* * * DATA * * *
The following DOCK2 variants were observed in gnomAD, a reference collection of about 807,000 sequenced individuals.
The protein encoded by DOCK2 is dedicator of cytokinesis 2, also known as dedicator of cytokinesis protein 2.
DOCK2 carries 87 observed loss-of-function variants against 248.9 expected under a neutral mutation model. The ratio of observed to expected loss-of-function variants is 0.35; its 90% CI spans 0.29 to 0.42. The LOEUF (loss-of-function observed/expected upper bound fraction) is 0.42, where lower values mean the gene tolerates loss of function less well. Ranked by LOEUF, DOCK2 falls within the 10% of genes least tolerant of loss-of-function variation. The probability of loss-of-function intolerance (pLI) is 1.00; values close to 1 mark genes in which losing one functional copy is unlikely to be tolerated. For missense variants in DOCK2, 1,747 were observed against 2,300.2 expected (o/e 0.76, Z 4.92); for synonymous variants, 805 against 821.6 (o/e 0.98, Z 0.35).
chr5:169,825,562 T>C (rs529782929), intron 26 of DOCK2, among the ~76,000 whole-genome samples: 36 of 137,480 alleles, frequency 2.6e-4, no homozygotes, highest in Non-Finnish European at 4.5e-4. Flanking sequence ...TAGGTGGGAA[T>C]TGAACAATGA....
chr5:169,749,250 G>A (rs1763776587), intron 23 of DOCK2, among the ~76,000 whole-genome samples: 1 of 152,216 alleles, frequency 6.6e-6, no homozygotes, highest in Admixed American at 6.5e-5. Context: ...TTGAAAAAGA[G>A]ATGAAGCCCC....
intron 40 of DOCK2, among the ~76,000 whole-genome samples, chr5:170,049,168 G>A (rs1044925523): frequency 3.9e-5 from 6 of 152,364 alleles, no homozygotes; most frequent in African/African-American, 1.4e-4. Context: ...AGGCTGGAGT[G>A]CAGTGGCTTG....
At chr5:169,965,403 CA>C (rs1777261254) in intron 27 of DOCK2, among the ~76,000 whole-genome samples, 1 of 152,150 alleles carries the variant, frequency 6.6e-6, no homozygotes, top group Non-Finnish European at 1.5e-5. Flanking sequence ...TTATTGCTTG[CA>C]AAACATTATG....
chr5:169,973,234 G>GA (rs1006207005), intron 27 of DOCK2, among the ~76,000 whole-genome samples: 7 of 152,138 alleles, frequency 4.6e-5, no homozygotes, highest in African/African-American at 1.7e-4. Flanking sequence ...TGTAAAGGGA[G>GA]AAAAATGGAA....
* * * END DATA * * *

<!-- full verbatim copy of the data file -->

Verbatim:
The following DOCK2 variants were observed in gnomAD, a reference collection of about 807,000 sequenced individuals.
The protein encoded by DOCK2 is dedicator of cytokinesis 2, also known as dedicator of cytokinesis protein 2.
DOCK2 carries 87 observed loss-of-function variants against 248.9 expected under a neutral mutation model. The ratio of observed to expected loss-of-function variants is 0.35; its 90% CI spans 0.29 to 0.42. The LOEUF (loss-of-function observed/expected upper bound fraction) is 0.42, where lower values mean the gene tolerates loss of function less well. Ranked by LOEUF, DOCK2 falls within the 10% of genes least tolerant of loss-of-function variation. The probability of loss-of-function intolerance (pLI) is 1.00; values close to 1 mark genes in which losing one functional copy is unlikely to be tolerated. For missense variants in DOCK2, 1,747 were observed against 2,300.2 expected (o/e 0.76, Z 4.92); for synonymous variants, 805 against 821.6 (o/e 0.98, Z 0.35).
chr5:169,825,562 T>C (rs529782929), intron 26 of DOCK2, among the ~76,000 whole-genome samples: 36 of 137,480 alleles, frequency 2.6e-4, no homozygotes, highest in Non-Finnish European at 4.5e-4. Flanking sequence ...TAGGTGGGAA[T>C]TGAACAATGA....
chr5:169,749,250 G>A (rs1763776587), intron 23 of DOCK2, among the ~76,000 whole-genome samples: 1 of 152,216 alleles, frequency 6.6e-6, no homozygotes, highest in Admixed American at 6.5e-5. Context: ...TTGAAAAAGA[G>A]ATGAAGCCCC....
intron 40 of DOCK2, among the ~76,000 whole-genome samples, chr5:170,049,168 G>A (rs1044925523): frequency 3.9e-5 from 6 of 152,364 alleles, no homozygotes; most frequent in African/African-American, 1.4e-4. Context: ...AGGCTGGAGT[G>A]CAGTGGCTTG....
At chr5:169,965,403 CA>C (rs1777261254) in intron 27 of DOCK2, among the ~76,000 whole-genome samples, 1 of 152,150 alleles carries the variant, frequency 6.6e-6, no homozygotes, top group Non-Finnish European at 1.5e-5. Flanking sequence ...TTATTGCTTG[CA>C]AAACATTATG....
chr5:169,973,234 G>GA (rs1006207005), intron 27 of DOCK2, among the ~76,000 whole-genome samples: 7 of 152,138 alleles, frequency 4.6e-5, no homozygotes, highest in African/African-American at 1.7e-4. Flanking sequence ...TGTAAAGGGA[G>GA]AAAAATGGAA....